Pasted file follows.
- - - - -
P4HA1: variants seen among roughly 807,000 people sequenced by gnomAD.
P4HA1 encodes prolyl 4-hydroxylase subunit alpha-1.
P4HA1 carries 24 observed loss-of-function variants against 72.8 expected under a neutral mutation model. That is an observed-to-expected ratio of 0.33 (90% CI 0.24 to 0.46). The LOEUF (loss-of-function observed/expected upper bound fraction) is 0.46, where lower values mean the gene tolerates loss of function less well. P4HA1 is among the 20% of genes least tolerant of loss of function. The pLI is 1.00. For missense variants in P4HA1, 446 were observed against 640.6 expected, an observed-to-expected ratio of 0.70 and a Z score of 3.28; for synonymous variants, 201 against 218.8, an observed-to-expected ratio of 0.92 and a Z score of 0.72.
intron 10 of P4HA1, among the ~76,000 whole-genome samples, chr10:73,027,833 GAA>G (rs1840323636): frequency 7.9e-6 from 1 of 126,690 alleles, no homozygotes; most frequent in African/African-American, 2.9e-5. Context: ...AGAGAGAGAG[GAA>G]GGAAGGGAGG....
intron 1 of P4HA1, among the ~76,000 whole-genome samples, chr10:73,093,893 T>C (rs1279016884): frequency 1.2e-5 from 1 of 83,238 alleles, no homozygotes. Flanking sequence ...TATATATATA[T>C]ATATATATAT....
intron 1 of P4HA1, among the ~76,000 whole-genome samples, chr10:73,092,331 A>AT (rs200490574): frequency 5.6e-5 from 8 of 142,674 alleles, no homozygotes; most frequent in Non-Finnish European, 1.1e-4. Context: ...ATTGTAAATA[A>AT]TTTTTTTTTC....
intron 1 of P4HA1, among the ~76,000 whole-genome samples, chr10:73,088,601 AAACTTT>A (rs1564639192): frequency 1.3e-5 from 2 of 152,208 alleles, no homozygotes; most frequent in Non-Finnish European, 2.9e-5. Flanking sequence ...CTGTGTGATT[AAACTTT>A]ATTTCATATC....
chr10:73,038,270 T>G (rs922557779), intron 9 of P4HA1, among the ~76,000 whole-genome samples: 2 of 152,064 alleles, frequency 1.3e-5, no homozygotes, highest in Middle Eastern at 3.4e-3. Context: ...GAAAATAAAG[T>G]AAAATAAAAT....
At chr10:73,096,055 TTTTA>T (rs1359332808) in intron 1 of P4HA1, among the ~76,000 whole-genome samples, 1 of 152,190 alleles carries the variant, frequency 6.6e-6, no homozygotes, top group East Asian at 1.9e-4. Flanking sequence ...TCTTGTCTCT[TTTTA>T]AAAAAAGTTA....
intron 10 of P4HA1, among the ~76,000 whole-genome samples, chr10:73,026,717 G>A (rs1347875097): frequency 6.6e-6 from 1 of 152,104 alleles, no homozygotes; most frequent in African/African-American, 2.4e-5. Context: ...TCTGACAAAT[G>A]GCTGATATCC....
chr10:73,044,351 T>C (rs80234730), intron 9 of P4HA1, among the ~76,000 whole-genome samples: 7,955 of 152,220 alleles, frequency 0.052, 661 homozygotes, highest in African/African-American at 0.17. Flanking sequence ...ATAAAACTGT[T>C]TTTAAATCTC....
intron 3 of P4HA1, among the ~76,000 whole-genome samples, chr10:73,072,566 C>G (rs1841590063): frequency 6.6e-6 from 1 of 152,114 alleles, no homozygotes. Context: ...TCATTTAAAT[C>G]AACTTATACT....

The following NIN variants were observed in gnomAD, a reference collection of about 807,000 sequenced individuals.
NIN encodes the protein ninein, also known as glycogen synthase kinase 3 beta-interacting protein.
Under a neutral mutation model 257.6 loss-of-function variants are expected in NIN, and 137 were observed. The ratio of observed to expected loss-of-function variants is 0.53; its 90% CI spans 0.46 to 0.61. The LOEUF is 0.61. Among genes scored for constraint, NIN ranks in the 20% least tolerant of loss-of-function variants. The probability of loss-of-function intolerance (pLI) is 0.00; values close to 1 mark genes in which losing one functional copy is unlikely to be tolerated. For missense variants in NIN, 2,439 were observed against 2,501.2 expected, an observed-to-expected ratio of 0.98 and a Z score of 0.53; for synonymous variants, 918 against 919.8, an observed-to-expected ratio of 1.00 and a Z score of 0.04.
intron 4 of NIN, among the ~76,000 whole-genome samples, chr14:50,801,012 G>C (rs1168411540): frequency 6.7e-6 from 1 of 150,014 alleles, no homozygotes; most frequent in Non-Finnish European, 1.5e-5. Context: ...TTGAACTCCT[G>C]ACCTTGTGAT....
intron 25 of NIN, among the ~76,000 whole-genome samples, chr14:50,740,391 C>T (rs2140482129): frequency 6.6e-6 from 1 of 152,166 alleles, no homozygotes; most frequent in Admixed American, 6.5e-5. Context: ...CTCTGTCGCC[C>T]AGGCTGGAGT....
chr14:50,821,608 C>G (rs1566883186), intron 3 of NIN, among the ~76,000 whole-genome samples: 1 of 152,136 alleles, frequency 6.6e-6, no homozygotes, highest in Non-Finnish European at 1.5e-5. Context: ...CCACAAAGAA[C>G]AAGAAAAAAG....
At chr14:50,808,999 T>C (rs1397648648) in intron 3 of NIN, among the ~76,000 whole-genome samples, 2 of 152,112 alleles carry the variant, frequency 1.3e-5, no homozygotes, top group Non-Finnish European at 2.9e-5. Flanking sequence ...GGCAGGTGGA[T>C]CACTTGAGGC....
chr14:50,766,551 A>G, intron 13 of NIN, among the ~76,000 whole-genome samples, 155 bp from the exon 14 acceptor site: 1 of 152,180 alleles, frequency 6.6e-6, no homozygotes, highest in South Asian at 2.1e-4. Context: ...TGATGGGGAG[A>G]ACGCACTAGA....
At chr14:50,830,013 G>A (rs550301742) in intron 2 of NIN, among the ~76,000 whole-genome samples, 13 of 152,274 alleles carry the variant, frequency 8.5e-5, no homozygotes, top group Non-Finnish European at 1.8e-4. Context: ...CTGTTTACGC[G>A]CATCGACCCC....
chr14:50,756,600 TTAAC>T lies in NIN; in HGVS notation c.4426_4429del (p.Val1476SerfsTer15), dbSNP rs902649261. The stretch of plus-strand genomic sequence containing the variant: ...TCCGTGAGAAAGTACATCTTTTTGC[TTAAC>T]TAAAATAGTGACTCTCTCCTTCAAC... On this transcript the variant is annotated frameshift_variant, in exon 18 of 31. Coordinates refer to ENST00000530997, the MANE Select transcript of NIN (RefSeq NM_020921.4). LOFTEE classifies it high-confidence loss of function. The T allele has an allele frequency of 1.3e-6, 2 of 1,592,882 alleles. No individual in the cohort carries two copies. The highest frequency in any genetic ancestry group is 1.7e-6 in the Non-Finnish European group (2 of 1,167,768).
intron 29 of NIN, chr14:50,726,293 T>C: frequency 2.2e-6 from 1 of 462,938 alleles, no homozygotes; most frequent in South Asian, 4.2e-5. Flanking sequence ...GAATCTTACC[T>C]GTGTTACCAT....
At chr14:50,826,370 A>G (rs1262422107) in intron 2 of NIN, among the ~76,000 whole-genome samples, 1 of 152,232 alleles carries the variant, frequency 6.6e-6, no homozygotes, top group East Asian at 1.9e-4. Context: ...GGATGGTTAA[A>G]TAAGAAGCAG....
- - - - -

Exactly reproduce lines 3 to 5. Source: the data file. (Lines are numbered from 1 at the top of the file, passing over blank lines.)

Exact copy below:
P4HA1 carries 24 observed loss-of-function variants against 72.8 expected under a neutral mutation model. That is an observed-to-expected ratio of 0.33 (90% CI 0.24 to 0.46). The LOEUF (loss-of-function observed/expected upper bound fraction) is 0.46, where lower values mean the gene tolerates loss of function less well. P4HA1 is among the 20% of genes least tolerant of loss of function. The pLI is 1.00. For missense variants in P4HA1, 446 were observed against 640.6 expected, an observed-to-expected ratio of 0.70 and a Z score of 3.28; for synonymous variants, 201 against 218.8, an observed-to-expected ratio of 0.92 and a Z score of 0.72.
intron 10 of P4HA1, among the ~76,000 whole-genome samples, chr10:73,027,833 GAA>G (rs1840323636): frequency 7.9e-6 from 1 of 126,690 alleles, no homozygotes; most frequent in African/African-American, 2.9e-5. Context: ...AGAGAGAGAG[GAA>G]GGAAGGGAGG....
intron 1 of P4HA1, among the ~76,000 whole-genome samples, chr10:73,093,893 T>C (rs1279016884): frequency 1.2e-5 from 1 of 83,238 alleles, no homozygotes. Flanking sequence ...TATATATATA[T>C]ATATATATAT....